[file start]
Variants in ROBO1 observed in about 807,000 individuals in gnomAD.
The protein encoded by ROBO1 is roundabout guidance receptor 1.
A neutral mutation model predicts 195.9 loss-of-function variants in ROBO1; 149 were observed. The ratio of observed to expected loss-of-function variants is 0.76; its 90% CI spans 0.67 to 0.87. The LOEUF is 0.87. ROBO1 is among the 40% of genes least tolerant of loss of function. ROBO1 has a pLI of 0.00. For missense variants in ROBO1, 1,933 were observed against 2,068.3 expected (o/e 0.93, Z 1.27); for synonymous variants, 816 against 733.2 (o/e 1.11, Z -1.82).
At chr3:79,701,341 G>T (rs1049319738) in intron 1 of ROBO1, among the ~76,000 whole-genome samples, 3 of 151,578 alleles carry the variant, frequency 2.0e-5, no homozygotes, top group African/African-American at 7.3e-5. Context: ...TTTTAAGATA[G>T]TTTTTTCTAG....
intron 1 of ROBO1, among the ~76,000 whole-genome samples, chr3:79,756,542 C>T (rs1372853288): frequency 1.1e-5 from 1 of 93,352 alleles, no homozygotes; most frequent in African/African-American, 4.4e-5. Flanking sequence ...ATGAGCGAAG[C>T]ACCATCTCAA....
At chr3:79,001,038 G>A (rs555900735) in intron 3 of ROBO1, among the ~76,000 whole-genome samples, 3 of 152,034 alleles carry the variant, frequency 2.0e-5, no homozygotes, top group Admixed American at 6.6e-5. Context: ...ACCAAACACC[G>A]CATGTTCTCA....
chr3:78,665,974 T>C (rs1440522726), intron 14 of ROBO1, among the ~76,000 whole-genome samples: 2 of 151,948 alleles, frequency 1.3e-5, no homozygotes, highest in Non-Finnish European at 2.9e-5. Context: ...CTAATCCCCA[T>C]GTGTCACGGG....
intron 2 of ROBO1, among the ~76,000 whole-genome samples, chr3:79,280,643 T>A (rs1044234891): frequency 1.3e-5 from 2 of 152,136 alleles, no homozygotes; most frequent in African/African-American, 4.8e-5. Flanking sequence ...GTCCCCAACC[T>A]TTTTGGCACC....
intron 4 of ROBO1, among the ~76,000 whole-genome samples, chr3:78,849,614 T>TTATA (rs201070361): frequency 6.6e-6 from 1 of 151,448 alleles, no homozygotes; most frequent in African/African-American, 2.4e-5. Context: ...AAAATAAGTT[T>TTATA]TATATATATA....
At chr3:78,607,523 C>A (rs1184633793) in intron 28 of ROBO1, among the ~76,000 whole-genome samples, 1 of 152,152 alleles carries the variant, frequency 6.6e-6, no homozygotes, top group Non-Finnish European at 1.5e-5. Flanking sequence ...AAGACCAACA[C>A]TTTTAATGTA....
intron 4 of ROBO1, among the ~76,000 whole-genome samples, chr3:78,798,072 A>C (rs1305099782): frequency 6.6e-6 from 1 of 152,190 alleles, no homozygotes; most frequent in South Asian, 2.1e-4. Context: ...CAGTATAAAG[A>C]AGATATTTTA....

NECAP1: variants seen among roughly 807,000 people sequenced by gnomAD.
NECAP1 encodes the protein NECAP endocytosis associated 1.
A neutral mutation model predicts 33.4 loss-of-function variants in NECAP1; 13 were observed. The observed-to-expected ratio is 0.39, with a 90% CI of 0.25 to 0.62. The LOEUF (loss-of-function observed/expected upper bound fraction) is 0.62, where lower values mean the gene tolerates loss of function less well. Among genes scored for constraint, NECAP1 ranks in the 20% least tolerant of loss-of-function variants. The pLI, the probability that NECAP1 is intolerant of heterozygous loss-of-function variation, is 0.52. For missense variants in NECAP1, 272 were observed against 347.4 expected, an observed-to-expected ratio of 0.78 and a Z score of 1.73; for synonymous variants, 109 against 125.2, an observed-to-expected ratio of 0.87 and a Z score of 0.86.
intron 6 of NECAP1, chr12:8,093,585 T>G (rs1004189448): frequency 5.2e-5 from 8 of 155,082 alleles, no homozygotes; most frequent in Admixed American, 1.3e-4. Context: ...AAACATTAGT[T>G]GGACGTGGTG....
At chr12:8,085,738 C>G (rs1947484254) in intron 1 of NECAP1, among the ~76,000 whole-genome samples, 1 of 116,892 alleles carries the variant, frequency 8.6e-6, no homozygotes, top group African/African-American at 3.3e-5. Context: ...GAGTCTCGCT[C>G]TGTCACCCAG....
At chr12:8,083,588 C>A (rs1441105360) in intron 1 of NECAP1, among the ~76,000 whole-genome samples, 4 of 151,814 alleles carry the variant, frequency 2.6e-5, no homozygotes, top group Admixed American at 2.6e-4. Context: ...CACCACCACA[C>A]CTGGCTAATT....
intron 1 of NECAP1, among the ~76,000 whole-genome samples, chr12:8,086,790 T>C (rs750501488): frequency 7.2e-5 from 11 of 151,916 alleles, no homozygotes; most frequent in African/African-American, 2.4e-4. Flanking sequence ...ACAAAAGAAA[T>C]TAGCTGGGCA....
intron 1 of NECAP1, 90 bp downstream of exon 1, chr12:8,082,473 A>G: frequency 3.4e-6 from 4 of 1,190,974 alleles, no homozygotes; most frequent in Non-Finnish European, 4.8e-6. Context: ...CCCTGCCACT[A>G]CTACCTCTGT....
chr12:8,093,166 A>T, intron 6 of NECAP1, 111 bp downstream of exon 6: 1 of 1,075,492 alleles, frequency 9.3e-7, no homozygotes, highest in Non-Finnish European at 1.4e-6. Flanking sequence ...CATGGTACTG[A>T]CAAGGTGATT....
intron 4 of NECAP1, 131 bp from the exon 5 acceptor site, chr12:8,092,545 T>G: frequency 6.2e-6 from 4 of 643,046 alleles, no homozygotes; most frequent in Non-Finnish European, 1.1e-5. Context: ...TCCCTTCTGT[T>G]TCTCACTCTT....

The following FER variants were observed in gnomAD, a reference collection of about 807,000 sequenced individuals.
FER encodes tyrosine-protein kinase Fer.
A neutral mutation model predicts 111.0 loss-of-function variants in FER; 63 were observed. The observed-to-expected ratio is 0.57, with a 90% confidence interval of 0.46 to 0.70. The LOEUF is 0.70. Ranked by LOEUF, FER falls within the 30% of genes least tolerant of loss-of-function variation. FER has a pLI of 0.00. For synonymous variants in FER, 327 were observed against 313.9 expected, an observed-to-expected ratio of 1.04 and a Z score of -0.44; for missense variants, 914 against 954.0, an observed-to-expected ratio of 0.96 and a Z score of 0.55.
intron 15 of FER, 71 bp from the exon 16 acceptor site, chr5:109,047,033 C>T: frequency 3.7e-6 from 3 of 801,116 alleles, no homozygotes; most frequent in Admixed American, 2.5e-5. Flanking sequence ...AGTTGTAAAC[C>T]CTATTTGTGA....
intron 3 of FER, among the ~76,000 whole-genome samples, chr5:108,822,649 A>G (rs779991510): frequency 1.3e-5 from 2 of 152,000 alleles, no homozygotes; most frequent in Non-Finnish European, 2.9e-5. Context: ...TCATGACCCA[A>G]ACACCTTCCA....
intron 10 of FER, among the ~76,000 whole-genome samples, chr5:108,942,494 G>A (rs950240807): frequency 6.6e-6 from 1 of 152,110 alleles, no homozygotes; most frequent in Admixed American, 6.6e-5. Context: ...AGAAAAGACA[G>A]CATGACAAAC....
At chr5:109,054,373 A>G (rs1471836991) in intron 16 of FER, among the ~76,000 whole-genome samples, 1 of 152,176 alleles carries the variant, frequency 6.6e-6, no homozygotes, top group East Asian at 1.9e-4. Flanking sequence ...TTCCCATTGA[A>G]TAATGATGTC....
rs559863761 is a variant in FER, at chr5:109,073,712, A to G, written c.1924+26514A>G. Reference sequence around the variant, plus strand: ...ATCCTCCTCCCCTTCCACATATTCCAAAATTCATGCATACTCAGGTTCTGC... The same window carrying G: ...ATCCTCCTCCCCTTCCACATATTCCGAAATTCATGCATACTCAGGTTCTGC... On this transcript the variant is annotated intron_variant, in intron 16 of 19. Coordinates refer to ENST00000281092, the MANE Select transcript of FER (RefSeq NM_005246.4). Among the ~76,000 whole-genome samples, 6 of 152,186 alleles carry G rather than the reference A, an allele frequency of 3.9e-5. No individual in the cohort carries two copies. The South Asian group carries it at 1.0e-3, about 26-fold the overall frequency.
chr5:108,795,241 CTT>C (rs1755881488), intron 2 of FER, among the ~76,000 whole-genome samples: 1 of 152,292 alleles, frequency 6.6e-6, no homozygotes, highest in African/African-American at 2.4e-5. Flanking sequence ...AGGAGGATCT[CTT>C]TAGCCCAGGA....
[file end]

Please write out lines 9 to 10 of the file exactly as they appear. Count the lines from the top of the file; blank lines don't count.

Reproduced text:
intron 4 of ROBO1, among the ~76,000 whole-genome samples, chr3:78,849,614 T>TTATA (rs201070361): frequency 6.6e-6 from 1 of 151,448 alleles, no homozygotes; most frequent in African/African-American, 2.4e-5. Context: ...AAAATAAGTT[T>TTATA]TATATATATA....
At chr3:78,607,523 C>A (rs1184633793) in intron 28 of ROBO1, among the ~76,000 whole-genome samples, 1 of 152,152 alleles carries the variant, frequency 6.6e-6, no homozygotes, top group Non-Finnish European at 1.5e-5. Flanking sequence ...AAGACCAACA[C>A]TTTTAATGTA....